BOLDUAN: It only took about 15 minutes but the impact could last and likely will for years. House Republicans voting to remove Liz Cheney from her leadership position this morning, they pushed her out because she refused to stop speaking out against former President Trump and the election lies that he is still promoting.
Right after that vote, Cheney made clear that she will not be backing down. Take a listen to this.
(BEGIN VIDEO CLIP)
REP. LIZ CHENEY (R-WY): We must go forward based on truth. We cannot both embrace the big lie and embrace the Constitution.
I will do everything I can to ensure that the former president never again gets anywhere near the Oval Office. We have seen the danger that he continues to provoke with his language. We have seen his lack of commitment and dedication to the Constitution, and I think it's very important that we make sure whomever we elect is somebody who will be faithful to the Constitution.
(END VIDEO CLIP) BOLDUAN: Joining me now, CNN's Manu Raju on Capitol Hill. Manu, this moved fast today, but what are you learning all that went on behind closed doors?
MANU RAJU, CNN CHIEF CONGRESSIONAL CORRESPONDENT: Yes, it did move fast. I mean, this came out, of course, after an acrimonious several days of debate and a quickly removed by the Republican leadership to oust her with the support of the former president, Donald Trump.
But what happened was that she addressed her conference behind closed doors. Cheney said that she did not want to go down the path of destructive lies of Donald Trump. She said that if leaders want to go down that route, that will be their legacy.
She closed by saying a prayer. And then afterwards, Virginia Fox, a North Carolina Republican, offered a resolution to oust her from her leadership post. Then McCarthy, the Republican leader, who has engineered this behind the scenes, essentially made some comments, said that we need to unify. And because of his support, this became a privileged resolution. It was essentially meant that it can move quickly for a vote, and that's exactly what it did. They voted by voice, not by secret ballot. And, overwhelmingly, the vote was yay to remove her, and she was removed.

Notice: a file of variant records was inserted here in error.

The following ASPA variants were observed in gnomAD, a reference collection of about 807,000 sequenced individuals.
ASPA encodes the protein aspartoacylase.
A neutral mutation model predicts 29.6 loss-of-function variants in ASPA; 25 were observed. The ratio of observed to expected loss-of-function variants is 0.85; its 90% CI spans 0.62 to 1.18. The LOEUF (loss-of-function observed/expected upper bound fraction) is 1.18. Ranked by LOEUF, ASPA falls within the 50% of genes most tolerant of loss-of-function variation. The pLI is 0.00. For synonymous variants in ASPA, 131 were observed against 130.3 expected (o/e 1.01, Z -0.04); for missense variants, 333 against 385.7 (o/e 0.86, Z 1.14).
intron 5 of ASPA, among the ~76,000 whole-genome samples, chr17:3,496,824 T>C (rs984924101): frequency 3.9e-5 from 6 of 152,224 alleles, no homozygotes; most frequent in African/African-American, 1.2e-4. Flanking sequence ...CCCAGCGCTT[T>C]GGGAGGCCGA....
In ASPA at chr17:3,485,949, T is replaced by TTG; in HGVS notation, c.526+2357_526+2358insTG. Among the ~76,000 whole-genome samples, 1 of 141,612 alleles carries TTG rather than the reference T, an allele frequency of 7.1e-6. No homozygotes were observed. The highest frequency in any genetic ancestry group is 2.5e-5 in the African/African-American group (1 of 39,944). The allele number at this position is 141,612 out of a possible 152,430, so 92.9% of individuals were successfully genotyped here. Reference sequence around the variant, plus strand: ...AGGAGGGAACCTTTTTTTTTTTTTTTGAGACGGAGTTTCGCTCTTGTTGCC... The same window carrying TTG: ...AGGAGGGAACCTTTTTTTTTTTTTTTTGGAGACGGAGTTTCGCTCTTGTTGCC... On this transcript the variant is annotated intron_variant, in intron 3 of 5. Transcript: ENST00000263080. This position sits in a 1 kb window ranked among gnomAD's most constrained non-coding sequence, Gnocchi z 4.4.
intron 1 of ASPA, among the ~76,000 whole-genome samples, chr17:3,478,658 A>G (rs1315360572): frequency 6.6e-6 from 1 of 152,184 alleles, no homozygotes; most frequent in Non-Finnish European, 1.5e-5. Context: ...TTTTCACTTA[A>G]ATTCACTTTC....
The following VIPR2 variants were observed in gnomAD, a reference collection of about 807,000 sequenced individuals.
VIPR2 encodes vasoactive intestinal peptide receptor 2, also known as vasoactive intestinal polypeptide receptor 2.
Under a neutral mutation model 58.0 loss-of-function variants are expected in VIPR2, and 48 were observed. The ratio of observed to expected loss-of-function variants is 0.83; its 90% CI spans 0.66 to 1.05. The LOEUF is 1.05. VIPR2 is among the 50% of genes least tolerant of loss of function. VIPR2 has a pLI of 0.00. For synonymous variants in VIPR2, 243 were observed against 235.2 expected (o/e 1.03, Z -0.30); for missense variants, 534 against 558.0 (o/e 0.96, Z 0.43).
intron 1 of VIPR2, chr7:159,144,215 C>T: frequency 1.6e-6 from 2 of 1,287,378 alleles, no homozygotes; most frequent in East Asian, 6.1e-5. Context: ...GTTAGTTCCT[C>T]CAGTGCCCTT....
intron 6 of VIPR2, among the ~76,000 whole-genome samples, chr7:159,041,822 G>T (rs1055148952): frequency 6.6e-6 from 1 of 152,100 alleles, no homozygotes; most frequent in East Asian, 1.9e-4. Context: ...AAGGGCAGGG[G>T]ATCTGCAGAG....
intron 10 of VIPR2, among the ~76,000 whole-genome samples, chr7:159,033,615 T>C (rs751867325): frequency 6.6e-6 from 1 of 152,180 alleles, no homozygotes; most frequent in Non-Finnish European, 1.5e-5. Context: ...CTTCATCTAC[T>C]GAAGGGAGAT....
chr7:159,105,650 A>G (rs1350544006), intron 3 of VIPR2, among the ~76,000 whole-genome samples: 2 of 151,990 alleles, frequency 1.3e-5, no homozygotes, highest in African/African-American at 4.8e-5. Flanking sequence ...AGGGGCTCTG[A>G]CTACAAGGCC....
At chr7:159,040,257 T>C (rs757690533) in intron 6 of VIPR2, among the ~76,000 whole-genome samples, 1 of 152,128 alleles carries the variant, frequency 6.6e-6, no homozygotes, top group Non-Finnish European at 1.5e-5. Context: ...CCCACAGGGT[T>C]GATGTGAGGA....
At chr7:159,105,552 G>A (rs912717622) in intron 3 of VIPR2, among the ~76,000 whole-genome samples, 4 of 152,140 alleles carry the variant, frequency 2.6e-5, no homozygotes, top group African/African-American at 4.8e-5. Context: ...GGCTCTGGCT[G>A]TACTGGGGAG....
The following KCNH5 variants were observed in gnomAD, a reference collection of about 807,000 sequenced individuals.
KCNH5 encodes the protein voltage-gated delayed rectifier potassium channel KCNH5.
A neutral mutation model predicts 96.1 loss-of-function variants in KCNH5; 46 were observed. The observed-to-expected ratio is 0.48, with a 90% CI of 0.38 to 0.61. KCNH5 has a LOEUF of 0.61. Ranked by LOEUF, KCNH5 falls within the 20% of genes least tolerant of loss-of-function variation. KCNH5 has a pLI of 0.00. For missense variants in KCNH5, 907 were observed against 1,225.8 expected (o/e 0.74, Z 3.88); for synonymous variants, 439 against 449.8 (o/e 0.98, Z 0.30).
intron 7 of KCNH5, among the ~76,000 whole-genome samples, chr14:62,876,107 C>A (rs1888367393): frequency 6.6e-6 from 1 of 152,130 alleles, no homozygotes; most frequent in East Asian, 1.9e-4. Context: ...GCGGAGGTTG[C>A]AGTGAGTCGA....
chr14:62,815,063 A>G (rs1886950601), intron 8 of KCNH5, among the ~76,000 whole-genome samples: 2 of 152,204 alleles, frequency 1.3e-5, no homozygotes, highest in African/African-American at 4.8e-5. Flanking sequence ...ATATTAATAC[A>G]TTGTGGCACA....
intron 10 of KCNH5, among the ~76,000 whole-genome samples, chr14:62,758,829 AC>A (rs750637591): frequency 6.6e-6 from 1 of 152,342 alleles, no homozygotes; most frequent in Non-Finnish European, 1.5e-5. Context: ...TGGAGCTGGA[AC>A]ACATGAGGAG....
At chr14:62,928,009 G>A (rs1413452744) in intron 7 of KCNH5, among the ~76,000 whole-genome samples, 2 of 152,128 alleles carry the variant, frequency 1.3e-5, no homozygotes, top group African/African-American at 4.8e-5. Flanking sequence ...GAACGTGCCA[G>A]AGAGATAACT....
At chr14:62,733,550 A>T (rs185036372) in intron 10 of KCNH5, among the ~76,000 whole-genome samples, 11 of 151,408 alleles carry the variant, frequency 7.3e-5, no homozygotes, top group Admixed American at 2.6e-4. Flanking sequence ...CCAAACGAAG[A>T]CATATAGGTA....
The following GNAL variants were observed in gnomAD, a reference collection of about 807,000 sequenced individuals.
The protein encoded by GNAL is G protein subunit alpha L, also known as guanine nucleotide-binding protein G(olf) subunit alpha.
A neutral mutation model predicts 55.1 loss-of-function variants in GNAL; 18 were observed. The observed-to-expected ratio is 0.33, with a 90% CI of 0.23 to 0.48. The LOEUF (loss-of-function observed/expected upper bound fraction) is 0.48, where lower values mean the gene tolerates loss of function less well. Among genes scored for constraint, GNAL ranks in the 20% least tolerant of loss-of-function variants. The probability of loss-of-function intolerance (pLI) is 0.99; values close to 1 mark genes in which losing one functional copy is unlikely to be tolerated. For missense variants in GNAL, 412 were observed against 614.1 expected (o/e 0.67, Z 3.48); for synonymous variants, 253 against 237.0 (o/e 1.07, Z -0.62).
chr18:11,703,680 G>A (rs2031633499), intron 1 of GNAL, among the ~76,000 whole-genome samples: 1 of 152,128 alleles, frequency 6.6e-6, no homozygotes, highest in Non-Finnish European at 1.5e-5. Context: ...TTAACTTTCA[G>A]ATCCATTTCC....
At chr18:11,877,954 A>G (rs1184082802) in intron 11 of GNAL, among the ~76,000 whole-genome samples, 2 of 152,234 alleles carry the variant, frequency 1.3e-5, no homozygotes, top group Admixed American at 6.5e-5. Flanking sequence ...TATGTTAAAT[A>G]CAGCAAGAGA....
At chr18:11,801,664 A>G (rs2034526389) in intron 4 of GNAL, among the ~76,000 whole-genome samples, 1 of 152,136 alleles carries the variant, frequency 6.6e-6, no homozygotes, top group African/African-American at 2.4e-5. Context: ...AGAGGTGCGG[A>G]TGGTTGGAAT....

Now, afterwards, Cheney defenders spoke out about this effort and warned about the implications for the Republicans.
(BEGIN VIDEO CLIP)
REPORTER: What did McCarthy say?
REP. ADAM KINZINGER (R-IL): Basically, it's time to move on from her. He said we have to be unified and continue with this whole unity theme.
And, look, I'm all for unity, I'm all for unity and truth, you know? Truth cannot co-exist with lies. Truth cannot co-exist with falsehoods. You cannot unify with that.
SEN. DICK DURBIN (D-IL): Donald Trump owns the soul of the Republican Party of America. It was proof today in the House of Representatives.
(END VIDEO CLIP)
RAJU: So, one person who has aligned herself with Donald Trump is the likely replacement of Liz Cheney, that is Elise Stefanik. She is the New York Republican who has the support of Donald Trump, who got on Trump's radar when she defended him during his 2019 impeachment proceedings and has backed his efforts to overturn the election.
And she has essentially locked down the support all across the Republican conference, although she is getting some blowback from some conservative members over her more moderate voting record in the past, in fact, more moderate than Cheney's voting record. But in the letter she sent to her colleagues today, she says, today, I humbly ask to earn your vote for the House Republican Conference chair to unify our message as a team and win the majority in 2022. She says, we know the American people overwhelmingly reject the Democrat' socialists agenda, but we need to ensure they are hearing our unified conservative vision on the issues that mattered to them. If we get our message out, we will win and save America.